Radio was the way people consumed daily news . Big media events would have forty million listeners. Radio was trusted. Some undoubtedly did think it was a live news broadcast, especially since there were no commercials.

The C.E. hooper ratings company , that night, telephoned  5,000 households for its national ratings survey.  Only 2% said they were listening to War of  the Worlds.

There were no reports of a spike in hospital admissions.

Newspapers had taken a huge advertising hit with the advent of radio. Radio stations could deliver news as it happened. The print media were happy to blame Radio for the panic.

 

Orson Welles , at the age of 23, had already been on the cover of TIME magazine a few months early ( for his stage work with the Mercury  Theatre). The notoriety of the broadcast helped secure him a Hollywood contract and would produce CITIZEN KANE.

Radio networks agreed to be more cautious in their programming.

A few days after the broadcast Mercury Theatre On The Air got its first sponsor – Campbells Soup.

With hindsight it’s obvious that even the Martians couldn’t leave their planet, land on earth and destroy everything on sight -in the space of an hour!

 

One of the thousands of letters Orson Welles received.

 

 

Orson Welles, H.G. Wells.

Orson  met H.G.Wells once, in 1940 and they did a radio interview which can be heard online.
Wells said of Orson, “He carries my name, with an extra’E’!”

The author seemed to accept the scepticism about the extent of the panic.  He also asked Orson about his new film, CITIZEN KANE. They joked about Wells giving the film a plug.
Amazing to hear the voice of the great author.

H.G.Wells , born in 1866 in Kent, has been called The Father of Science  Fiction. Before “The War of the Worlds”, he had written “The Time Machine “ and “The invisible Man.” He also wrote “The Island  of  Dr. Moreau.”

 

In a 1978 musical version of the story by Jeff Wayne, there is a narration by Richard Burton. The rich Burton tones can be heard : “Across the gulf of space, minds immeasurably superior to ours regarded this Earth with envious eyes. And slowly and surely they drew their plans.”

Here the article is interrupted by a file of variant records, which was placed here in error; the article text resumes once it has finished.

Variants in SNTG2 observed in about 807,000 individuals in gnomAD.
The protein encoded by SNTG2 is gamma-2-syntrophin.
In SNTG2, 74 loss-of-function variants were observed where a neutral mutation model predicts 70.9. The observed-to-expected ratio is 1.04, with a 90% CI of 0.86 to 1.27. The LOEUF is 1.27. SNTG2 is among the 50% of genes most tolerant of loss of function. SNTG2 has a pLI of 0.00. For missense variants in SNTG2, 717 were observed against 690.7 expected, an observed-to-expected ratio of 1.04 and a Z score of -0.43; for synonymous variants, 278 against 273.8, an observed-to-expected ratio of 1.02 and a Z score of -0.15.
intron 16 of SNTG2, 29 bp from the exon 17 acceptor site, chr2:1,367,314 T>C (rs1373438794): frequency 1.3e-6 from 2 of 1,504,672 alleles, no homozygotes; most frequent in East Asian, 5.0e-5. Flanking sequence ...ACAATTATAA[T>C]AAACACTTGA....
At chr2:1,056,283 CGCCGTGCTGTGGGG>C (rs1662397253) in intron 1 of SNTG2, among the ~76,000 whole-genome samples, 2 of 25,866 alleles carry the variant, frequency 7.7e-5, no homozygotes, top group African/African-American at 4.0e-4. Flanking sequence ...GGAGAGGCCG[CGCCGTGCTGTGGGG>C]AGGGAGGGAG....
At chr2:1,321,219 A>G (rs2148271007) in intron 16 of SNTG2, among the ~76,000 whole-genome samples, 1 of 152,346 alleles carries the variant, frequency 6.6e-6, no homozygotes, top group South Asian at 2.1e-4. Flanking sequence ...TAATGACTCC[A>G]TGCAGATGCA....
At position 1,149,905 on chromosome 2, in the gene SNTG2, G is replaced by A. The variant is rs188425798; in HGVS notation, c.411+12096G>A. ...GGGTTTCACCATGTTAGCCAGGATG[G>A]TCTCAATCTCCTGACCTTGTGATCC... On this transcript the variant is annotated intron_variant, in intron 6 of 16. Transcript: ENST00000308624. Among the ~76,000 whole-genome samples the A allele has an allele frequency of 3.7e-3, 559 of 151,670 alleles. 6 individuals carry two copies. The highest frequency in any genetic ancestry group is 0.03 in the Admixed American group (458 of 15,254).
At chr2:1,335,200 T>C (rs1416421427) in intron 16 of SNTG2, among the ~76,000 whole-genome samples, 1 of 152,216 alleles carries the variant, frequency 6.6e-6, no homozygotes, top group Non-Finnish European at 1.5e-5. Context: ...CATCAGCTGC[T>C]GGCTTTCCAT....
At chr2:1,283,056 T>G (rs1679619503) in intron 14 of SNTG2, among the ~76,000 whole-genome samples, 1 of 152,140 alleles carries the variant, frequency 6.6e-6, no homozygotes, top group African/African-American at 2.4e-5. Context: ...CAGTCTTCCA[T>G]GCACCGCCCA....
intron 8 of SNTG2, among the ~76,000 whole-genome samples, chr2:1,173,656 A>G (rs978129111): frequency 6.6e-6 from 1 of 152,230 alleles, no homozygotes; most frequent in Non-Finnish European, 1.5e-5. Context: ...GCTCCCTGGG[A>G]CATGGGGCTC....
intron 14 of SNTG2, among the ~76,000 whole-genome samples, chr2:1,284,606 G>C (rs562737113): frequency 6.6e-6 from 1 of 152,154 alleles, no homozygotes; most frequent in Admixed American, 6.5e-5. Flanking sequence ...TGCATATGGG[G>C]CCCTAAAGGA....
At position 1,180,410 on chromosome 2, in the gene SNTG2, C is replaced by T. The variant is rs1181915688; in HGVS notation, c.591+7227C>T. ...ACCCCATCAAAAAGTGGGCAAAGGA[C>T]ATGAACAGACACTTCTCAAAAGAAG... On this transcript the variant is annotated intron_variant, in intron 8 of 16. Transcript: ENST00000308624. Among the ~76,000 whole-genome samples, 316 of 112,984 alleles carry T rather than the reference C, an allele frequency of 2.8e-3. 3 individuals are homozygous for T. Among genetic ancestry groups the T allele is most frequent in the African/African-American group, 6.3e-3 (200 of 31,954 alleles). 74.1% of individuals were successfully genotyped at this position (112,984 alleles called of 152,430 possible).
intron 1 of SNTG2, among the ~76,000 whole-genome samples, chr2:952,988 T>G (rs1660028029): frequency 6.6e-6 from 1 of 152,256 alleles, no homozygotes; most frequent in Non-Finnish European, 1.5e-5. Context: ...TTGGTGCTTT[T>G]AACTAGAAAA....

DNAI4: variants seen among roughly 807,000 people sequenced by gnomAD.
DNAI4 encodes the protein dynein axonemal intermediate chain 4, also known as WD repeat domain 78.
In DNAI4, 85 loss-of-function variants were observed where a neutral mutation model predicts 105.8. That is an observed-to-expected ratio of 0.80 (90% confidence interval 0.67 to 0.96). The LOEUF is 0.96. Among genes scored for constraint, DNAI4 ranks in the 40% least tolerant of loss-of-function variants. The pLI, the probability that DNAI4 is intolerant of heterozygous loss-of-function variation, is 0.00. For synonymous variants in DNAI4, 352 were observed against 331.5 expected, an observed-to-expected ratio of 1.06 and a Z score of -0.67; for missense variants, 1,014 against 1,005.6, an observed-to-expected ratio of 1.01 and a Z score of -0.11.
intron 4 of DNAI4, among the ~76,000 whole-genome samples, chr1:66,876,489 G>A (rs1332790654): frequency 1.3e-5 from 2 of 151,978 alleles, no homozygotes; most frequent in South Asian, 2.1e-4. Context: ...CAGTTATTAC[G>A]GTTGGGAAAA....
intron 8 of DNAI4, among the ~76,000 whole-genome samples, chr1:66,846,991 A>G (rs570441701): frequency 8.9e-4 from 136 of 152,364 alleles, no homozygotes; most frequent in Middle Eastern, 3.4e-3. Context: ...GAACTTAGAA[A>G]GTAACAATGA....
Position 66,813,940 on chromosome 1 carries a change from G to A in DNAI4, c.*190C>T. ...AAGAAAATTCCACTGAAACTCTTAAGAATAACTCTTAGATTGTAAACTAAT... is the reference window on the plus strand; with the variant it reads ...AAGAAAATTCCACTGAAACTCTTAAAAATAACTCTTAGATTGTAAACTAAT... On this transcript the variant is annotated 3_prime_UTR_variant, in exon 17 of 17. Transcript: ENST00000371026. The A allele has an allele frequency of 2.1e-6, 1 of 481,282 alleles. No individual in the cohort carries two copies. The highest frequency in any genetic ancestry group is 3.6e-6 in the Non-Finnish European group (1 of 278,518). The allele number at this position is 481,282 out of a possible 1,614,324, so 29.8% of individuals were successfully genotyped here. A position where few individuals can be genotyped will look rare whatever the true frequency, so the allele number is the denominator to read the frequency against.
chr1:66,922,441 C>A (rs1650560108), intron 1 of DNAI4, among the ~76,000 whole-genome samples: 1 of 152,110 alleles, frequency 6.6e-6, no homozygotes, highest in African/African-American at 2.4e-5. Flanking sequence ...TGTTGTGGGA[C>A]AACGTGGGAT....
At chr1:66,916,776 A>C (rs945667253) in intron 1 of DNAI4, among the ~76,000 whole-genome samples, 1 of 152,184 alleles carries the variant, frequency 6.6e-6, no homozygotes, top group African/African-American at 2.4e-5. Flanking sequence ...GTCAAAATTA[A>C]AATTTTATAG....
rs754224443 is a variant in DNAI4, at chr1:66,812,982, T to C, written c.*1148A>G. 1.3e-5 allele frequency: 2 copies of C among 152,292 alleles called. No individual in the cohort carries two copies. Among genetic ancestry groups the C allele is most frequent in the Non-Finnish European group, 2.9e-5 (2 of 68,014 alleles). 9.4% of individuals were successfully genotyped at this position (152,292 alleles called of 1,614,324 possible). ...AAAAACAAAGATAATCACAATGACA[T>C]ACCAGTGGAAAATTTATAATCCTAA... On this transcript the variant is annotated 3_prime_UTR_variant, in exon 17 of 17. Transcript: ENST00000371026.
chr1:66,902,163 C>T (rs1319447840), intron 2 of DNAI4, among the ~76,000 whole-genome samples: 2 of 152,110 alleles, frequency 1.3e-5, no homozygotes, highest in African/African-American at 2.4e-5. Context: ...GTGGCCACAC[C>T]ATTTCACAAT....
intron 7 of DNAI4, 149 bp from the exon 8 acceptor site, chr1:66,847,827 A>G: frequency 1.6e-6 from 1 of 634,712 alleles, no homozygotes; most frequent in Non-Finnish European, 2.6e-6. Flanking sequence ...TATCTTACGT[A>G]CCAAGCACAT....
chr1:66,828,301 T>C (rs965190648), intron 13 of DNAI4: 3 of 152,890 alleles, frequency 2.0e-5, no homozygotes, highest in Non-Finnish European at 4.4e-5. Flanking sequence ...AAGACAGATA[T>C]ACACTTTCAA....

A jovial Orson Welles was interviewed by Dick Cavett in the 1970s.
Referencing Edgar Bergen, Welles told Cavett of a telegram he got from Alexander Woollcott (theatre critic and inspiration for The Man Who Came To Dinner): This only  goes to prove, my boy, that all intelligent people were listening to Bergen!”

 

The 1953 George Pal production of The War of The Worlds won an Oscar for special effects. It starred Gene Barry and Ann Robinson.

Pal had been responsible for Destination Moon and When Worlds Collide. His film of the H.G.Wells story is well regarded but personally I don’t rate it alongside The Thing From Another World and The Day The Earth Stood Still.

 

 

The size of the building miniatures in the 1953 film.

 

In 1988, the small township of Grovers Mill, New Jersey , in memory of their claim to fame, erected a seven foot bronze monument to The War of the Worlds broadcast. It showed a family listening to the broadcast, a Martian tripod machine and Orson Welles at the microphone.
It bears the inscription, “He fooled us.”

86 year old Howard Koch attended the unveiling.

 

 

The fascination with the H.G.Wells story continues . There was another film version starring Tom Cruise in 2005, and In 2019, the BBC produced a three part adaptation of the novel, set in Edwardian times ( not the original Victorian setting.)

STAR TREK casts ,in 2002, recreated the original Welles broadcast.

There was talk in  2019 of a new film about the making  of the radio broadcast, with Martin Freeman as John  Houseman . No other casting was announced.

And, as I write this, the NASA probe has landing on the surface of the Red Planet.

Are we alone! Watch the skies!

 

 

 

 

 

5 responses »

  1. So refreshing: an entry about radio drama! and even crucial in these anti-language times when visual and merely sound “bites” are considered important. Radio and literature so much more fully engage the spectators’ imaginations and “War of the Worlds” is one example of this.
    I had the privilege of acting in some of the last radio plays done in N. America – in Seattle and Vancouver in the 80s and early 90s. In addition to all its other pleasures, what a treat to not have to fuss over how you LOOK!
    Many thanks – Greg

    • That’s for sure. This was brought home to me at CBC Vancouver where the Sam Payne Award is given annually in honor of the late actor. At the ’96 presentation when it was given to my colleague Peter Mannering, a scene from “The Cherry Orchard” was played and came so vividly to life, Mr. Payne as Firs every bit as good as Peggy Ashcroft, who’d come to Vancouver to record Ranevsky in the play. That was from ’67 when radio was taken seriously enough to receive as careful rehearsal as a stage production would today. By the time I was on the scene, it was so under-funded we’d arrive with our scripts, do a runthrough and record.
      Welles considered John Drainie the second-finest radio actor – after himself, of course. Mannering and Nonnie Griffin with whom I also worked, had played in radio with Drainie and other greats many times, and deeply regretted its demise – as I do.

    • Thanks Geri. It was certainly a phenomenon of the period . Apparently within a day or two, the story was off the front pages. Obviously the papers couldn’t come up with more examples of the ‘ panic’.